Influences on Discharge Partitioning on a Large River Delta: Case Study of the Mississippi-Atchafalaya Diversion, 1916-1950

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John B Shaw, Kashauna Mason, Hongbo Ma, Gordon McCain


The modern Mississippi River Delta is plumbed by the Mississippi and Atchafalaya rivers, setting water and sediment dispersal pathways for Earth’s fifth-largest river. The Atchafalaya River’s (AR) partial annexation of discharge from the Mississippi River (MR) in the early 20th century prompted warnings of a rapid river avulsion and the construction of the Old River Control Structure to regulate flow. While this flow annexation is interpreted as a natural process in the avulsion-constructed delta, it was influenced by human activities. Here, we test how several significant changes between 1916 and 1950 influenced partitioning. Simulations show that erosion of the upper AR was the primary cause of discharge increase. Dredging in the lower AR between 1932 and 1950 produced minor increases, but was an important control on shear stress. The lower MR was also slightly erosional during the study period, and therefore hindered the discharge increase slightly. As a prototype system, attribution of discharge partitioning allows for various drivers of change to be quantitatively compared. Given the essential nature of this river junction to society, transportation, and commerce of the United States, improved attribution of discharge increases may lead to future management strategies that are broadly impactful.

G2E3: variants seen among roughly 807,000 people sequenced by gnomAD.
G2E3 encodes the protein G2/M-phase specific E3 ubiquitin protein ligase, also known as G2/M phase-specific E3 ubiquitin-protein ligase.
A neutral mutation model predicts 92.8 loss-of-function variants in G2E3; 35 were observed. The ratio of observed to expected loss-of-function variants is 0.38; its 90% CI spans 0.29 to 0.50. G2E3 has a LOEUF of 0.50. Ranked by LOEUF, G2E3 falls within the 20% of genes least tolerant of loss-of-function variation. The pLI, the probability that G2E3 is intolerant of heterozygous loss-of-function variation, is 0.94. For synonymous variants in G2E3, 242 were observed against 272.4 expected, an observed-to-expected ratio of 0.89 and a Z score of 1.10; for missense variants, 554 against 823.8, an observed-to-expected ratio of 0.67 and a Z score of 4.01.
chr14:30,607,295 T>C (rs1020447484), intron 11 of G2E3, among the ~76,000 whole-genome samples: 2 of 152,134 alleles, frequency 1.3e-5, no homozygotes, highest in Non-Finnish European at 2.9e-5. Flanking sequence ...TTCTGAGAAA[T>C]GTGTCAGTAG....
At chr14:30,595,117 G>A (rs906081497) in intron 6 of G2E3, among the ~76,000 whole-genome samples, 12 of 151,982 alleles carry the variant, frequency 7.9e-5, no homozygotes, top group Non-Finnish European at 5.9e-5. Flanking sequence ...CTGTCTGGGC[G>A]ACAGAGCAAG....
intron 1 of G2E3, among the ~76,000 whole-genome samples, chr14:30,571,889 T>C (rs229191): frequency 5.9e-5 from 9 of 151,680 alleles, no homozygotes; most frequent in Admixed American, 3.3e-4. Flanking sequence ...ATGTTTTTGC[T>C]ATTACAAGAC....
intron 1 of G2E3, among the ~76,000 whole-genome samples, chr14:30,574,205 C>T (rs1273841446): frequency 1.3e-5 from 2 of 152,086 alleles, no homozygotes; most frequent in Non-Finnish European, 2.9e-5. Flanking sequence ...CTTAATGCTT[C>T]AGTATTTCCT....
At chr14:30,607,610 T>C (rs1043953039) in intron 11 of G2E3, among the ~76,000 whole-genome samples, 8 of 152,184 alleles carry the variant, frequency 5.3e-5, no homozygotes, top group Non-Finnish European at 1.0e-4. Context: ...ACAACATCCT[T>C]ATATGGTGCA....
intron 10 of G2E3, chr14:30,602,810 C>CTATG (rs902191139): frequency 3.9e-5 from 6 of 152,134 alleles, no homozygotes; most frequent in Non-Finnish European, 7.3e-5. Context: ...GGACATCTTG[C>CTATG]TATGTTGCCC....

Earth Sciences, Hydrology, Physical Sciences and Mathematics



Published: 2020-07-02 02:46


CC BY Attribution 4.0 International

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